As you know, we have been following the shrewd insights of Alex Stark, formerly of the Natural Security blog, who has been covering the Cancun UN climate negotiations in person as part of the Adopt a Negotiator program, part of the Global Campaign for Climate Action. Alex was in Tianjin, China for the UN negotiations in October, and has been reporting on the Cancun proceedings throughout the week through her blog and via Twitter. Here is Alex’s latest post:
Negotiators have been working feverishly over the past several days trying to prepare an unbracketed negotiating text with several options clearly outlined on the most contentious issues. The text will be turned over to high-level ministers to resolve these remaining issues by Friday. On Monday and Tuesday, negotiators worked behind closed doors in small groups and bilateral discussions on the different issues, passing on a finalized version of their piece of the text to the chairs of the KP (Kyoto Protocol) and LCA (Long-term Cooperative Action) tracks, who worked overnight to pull together two coherent texts to present to the entire Conference of the Parties in an informal stocktaking session this morning. The COP insiders daily Earth Negotiations Bulletin newsletter reports that “the mood remained constructive in some informals groups, while in the others, some parties reported ‘a complete lack of progress.’”
Where do the issues stand now in the LCA text, what contentious problems remain and where is the United States in all of this?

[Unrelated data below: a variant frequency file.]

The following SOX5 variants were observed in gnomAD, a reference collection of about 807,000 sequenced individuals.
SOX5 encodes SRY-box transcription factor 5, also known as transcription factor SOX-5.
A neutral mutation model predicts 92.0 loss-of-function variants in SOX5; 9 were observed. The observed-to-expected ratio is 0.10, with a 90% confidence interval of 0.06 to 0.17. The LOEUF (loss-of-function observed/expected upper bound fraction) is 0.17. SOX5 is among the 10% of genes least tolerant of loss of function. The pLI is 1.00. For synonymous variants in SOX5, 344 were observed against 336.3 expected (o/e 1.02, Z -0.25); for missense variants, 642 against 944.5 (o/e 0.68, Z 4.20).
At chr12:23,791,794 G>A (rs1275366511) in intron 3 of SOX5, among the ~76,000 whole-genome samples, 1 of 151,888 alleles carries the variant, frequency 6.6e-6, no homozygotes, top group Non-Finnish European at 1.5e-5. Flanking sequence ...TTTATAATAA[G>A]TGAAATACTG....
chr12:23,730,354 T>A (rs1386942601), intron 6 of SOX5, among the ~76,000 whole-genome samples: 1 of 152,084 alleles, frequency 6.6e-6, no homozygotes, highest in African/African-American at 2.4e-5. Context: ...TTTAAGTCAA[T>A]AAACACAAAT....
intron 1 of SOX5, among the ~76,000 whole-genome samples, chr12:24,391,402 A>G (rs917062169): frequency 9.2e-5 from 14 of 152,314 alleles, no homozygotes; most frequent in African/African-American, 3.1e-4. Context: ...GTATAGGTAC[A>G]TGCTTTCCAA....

When the LCA Chair issued her compromise text at the beginning of these talks, the section on MRV was noticeably lacking. The text has since “evolved… from an empty 36-word shell to a real basis for negotiation,” according to Eco, a newsletter here produced by civil society organizations, but a lot of work remains to be done. Todd Stern said yesterday at a press briefing that the U.S. sees this issue as being the furthest behind and that the text is insufficiently developed. The United States wants developing countries to agree to regular reporting on how they are making progress on reaching their mitigation goals and a mechanism for the international community to review these reports.
The finance text has been cleaned up with several options clearly outlined on the most important issues remaining to be discussed. One of these is the role of the World Bank and other international financial institutions in the new green climate fund’s governance. The current options in the text would either “invite the World Bank to serve as the interim trustee… [x] year after the operationalization of the fund” or “decide that the trustee shall be selected through a process of open and competitive bidding.” The U.S., the UK and other developed countries would prefer the World Bank to be involved in the creation of the fund, arguing that this would make it more effective and give donors confidence in its work, while developing countries argue that this would automatically give developed countries a greater say in how the fund is run and would prefer the fund to be established under the guidance of the UNFCCC. According to a U.S. negotiator, they are close to a definition in the text of precisely what the World Bank’s role as trustee would be. The governance of this fund- how many board members would come from developed vs. developing countries, or civil society members and other stakeholders- is still undecided.